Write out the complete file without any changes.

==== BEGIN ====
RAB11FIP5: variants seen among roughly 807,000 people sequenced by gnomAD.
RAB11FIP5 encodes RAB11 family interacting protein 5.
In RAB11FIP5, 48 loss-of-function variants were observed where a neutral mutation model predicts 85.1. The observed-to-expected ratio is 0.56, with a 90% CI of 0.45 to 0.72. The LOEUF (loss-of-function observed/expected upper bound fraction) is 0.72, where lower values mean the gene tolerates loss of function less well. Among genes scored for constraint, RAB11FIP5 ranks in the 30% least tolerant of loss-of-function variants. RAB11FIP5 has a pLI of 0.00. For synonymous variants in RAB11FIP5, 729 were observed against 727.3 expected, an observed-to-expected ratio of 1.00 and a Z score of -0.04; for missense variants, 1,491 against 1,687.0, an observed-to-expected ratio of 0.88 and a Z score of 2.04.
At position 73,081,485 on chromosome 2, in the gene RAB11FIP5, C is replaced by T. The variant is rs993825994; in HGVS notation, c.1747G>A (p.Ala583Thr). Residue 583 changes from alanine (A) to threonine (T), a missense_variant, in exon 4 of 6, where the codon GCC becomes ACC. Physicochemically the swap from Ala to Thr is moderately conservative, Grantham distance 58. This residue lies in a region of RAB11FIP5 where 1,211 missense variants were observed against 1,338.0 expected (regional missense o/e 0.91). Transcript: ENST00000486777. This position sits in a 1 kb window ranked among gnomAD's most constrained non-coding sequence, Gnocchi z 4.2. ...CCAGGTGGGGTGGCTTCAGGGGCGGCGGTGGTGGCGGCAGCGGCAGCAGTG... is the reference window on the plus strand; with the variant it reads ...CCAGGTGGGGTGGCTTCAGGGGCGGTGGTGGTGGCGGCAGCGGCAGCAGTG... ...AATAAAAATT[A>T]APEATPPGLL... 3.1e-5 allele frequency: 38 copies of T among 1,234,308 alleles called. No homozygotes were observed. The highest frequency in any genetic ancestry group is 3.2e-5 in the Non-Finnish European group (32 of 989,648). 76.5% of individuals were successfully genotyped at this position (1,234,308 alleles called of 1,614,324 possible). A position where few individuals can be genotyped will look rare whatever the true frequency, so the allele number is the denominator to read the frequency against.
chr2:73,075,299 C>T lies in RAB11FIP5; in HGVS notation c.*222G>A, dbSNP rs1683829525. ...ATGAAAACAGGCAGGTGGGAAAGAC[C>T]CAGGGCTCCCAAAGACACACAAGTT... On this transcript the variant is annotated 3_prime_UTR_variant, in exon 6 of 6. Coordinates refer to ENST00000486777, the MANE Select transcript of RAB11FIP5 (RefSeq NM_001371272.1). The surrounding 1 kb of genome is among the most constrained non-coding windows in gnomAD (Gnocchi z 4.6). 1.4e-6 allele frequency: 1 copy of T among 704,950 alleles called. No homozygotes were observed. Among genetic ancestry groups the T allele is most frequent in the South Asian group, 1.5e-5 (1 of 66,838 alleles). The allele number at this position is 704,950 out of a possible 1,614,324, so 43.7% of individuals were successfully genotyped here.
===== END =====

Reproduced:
RAB11FIP5: variants seen among roughly 807,000 people sequenced by gnomAD.
RAB11FIP5 encodes RAB11 family interacting protein 5.
In RAB11FIP5, 48 loss-of-function variants were observed where a neutral mutation model predicts 85.1. The observed-to-expected ratio is 0.56, with a 90% CI of 0.45 to 0.72. The LOEUF (loss-of-function observed/expected upper bound fraction) is 0.72, where lower values mean the gene tolerates loss of function less well. Among genes scored for constraint, RAB11FIP5 ranks in the 30% least tolerant of loss-of-function variants. RAB11FIP5 has a pLI of 0.00. For synonymous variants in RAB11FIP5, 729 were observed against 727.3 expected, an observed-to-expected ratio of 1.00 and a Z score of -0.04; for missense variants, 1,491 against 1,687.0, an observed-to-expected ratio of 0.88 and a Z score of 2.04.
At position 73,081,485 on chromosome 2, in the gene RAB11FIP5, C is replaced by T. The variant is rs993825994; in HGVS notation, c.1747G>A (p.Ala583Thr). Residue 583 changes from alanine (A) to threonine (T), a missense_variant, in exon 4 of 6, where the codon GCC becomes ACC. Physicochemically the swap from Ala to Thr is moderately conservative, Grantham distance 58. This residue lies in a region of RAB11FIP5 where 1,211 missense variants were observed against 1,338.0 expected (regional missense o/e 0.91). Transcript: ENST00000486777. This position sits in a 1 kb window ranked among gnomAD's most constrained non-coding sequence, Gnocchi z 4.2. ...CCAGGTGGGGTGGCTTCAGGGGCGGCGGTGGTGGCGGCAGCGGCAGCAGTG... is the reference window on the plus strand; with the variant it reads ...CCAGGTGGGGTGGCTTCAGGGGCGGTGGTGGTGGCGGCAGCGGCAGCAGTG... ...AATAAAAATT[A>T]APEATPPGLL... 3.1e-5 allele frequency: 38 copies of T among 1,234,308 alleles called. No homozygotes were observed. The highest frequency in any genetic ancestry group is 3.2e-5 in the Non-Finnish European group (32 of 989,648). 76.5% of individuals were successfully genotyped at this position (1,234,308 alleles called of 1,614,324 possible). A position where few individuals can be genotyped will look rare whatever the true frequency, so the allele number is the denominator to read the frequency against.
chr2:73,075,299 C>T lies in RAB11FIP5; in HGVS notation c.*222G>A, dbSNP rs1683829525. ...ATGAAAACAGGCAGGTGGGAAAGAC[C>T]CAGGGCTCCCAAAGACACACAAGTT... On this transcript the variant is annotated 3_prime_UTR_variant, in exon 6 of 6. Coordinates refer to ENST00000486777, the MANE Select transcript of RAB11FIP5 (RefSeq NM_001371272.1). The surrounding 1 kb of genome is among the most constrained non-coding windows in gnomAD (Gnocchi z 4.6). 1.4e-6 allele frequency: 1 copy of T among 704,950 alleles called. No homozygotes were observed. Among genetic ancestry groups the T allele is most frequent in the South Asian group, 1.5e-5 (1 of 66,838 alleles). The allele number at this position is 704,950 out of a possible 1,614,324, so 43.7% of individuals were successfully genotyped here.